Simon McDonald reviews the new book from the internationally bestselling author of When God Was a Rabbit.
Tin Man is a beautiful one-sitting tale about three friends and what unites them, and what comes between them, delivered with Sarah Winman’s inimitable grace and power.
This is a story of love and friendship, and how — usually for the better, sometimes for the worst — they are inextricably linked, like the strands of a double helix. When Ellis and Michael meet as young boys they quickly become inseparable, forming an unquantifiable relationship; a love that extends beyond pure romance, rooted in the deepest of connections. But when Annie enters their lives, the fabric of their relationship changes.
Tin Man depicts these shifting sands from both Ellis’ and Michael’s perspectives, events switching back-and-forth through time. It’s a book that explores both love, and lost love; of paths taken, and the pain of paths abandoned; what was, and what could’ve been. That it does all this — so evocatively, with such nuance and empathetic characters, in fewer than 200 pages — is a testament to Winman’s storytelling. She has crafted a novel that is both hauntingly sad, yet incredibly uplifting, reminding us of the potency and everlastingness of first love.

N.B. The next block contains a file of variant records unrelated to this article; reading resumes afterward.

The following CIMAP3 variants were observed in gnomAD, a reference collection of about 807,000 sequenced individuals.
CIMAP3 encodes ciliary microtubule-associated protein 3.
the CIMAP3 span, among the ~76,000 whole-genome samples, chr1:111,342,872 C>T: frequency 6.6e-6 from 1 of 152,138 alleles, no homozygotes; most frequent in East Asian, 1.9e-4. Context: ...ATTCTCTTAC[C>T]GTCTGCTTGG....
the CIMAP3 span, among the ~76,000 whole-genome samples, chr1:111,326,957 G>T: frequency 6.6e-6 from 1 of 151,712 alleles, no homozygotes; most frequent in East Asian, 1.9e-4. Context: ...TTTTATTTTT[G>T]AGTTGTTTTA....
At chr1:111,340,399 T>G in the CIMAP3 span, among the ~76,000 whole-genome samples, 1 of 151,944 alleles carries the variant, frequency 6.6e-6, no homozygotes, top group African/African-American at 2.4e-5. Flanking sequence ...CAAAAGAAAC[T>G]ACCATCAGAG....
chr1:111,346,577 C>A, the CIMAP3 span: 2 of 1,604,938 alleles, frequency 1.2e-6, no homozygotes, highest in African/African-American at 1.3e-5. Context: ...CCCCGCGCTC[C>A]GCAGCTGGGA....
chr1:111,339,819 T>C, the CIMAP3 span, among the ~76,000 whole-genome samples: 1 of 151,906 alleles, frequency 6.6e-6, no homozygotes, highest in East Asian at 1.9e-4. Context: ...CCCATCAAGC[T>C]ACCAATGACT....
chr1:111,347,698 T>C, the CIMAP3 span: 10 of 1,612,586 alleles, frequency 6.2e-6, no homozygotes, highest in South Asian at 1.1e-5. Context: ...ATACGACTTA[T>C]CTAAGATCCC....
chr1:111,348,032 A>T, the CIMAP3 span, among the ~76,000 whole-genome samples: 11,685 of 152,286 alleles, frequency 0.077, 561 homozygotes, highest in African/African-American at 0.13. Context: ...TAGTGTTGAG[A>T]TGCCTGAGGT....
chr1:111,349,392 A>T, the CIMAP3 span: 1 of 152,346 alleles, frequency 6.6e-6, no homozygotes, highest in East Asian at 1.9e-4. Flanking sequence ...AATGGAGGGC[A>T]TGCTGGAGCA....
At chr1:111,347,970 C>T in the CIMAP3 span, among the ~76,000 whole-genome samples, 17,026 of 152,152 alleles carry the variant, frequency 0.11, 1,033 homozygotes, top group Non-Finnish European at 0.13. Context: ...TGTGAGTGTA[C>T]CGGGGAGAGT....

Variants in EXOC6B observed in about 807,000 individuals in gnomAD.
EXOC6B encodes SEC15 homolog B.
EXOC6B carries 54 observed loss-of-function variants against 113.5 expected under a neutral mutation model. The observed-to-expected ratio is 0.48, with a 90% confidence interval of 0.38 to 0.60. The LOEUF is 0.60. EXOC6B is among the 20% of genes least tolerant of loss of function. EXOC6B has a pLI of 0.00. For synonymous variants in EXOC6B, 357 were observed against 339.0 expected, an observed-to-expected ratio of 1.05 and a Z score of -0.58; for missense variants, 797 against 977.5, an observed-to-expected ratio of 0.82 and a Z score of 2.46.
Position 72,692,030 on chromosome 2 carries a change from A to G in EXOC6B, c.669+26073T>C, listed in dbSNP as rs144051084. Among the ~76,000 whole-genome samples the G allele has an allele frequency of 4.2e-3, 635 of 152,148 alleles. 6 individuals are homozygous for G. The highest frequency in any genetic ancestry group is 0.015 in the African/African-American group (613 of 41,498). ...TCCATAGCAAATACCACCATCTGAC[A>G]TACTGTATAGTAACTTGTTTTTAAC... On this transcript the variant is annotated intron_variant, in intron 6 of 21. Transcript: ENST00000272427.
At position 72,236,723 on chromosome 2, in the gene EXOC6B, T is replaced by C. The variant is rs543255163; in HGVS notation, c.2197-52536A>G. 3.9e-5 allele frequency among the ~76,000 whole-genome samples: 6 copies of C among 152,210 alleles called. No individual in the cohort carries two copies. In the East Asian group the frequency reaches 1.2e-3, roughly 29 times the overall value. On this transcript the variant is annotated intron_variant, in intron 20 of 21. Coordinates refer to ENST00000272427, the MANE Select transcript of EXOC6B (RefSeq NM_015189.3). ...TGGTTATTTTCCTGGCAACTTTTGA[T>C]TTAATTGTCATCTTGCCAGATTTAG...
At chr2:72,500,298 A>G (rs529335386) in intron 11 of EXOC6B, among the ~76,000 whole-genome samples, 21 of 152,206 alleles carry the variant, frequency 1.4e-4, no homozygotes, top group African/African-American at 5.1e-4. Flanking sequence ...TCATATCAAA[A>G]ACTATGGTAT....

Told with extraordinary tenderness and feeling, sonorous prose lighting its pages, Tin Man is a closely observed, deeply sympathetic rendering of three relationships, and our helplessness against the power of love. Superbly written and desperately moving, it is one of those few novels I want to re-read again, languorously this time, to bask in the beauty of the prose, and savour my moments with these characters.